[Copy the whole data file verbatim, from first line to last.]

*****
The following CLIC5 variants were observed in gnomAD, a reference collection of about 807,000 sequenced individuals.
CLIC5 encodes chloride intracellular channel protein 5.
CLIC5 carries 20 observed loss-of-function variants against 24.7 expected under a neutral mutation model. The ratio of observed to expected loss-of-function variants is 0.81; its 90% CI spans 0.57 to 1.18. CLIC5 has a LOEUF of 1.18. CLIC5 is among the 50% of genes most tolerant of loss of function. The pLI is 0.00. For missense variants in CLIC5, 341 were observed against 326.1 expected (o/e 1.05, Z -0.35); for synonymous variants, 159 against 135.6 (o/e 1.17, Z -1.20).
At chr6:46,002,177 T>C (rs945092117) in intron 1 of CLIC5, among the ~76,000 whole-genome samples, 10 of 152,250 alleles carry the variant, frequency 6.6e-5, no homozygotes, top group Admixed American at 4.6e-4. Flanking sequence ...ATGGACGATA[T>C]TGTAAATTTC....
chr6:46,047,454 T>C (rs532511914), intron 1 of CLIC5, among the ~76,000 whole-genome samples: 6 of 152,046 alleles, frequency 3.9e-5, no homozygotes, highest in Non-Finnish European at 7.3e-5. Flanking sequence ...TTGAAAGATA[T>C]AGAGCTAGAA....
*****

The following CLIC5 variants were observed in gnomAD, a reference collection of about 807,000 sequenced individuals.
CLIC5 encodes chloride intracellular channel protein 5.
CLIC5 carries 20 observed loss-of-function variants against 24.7 expected under a neutral mutation model. The ratio of observed to expected loss-of-function variants is 0.81; its 90% CI spans 0.57 to 1.18. CLIC5 has a LOEUF of 1.18. CLIC5 is among the 50% of genes most tolerant of loss of function. The pLI is 0.00. For missense variants in CLIC5, 341 were observed against 326.1 expected (o/e 1.05, Z -0.35); for synonymous variants, 159 against 135.6 (o/e 1.17, Z -1.20).
At chr6:46,002,177 T>C (rs945092117) in intron 1 of CLIC5, among the ~76,000 whole-genome samples, 10 of 152,250 alleles carry the variant, frequency 6.6e-5, no homozygotes, top group Admixed American at 4.6e-4. Flanking sequence ...ATGGACGATA[T>C]TGTAAATTTC....
chr6:46,047,454 T>C (rs532511914), intron 1 of CLIC5, among the ~76,000 whole-genome samples: 6 of 152,046 alleles, frequency 3.9e-5, no homozygotes, highest in Non-Finnish European at 7.3e-5. Flanking sequence ...TTGAAAGATA[T>C]AGAGCTAGAA....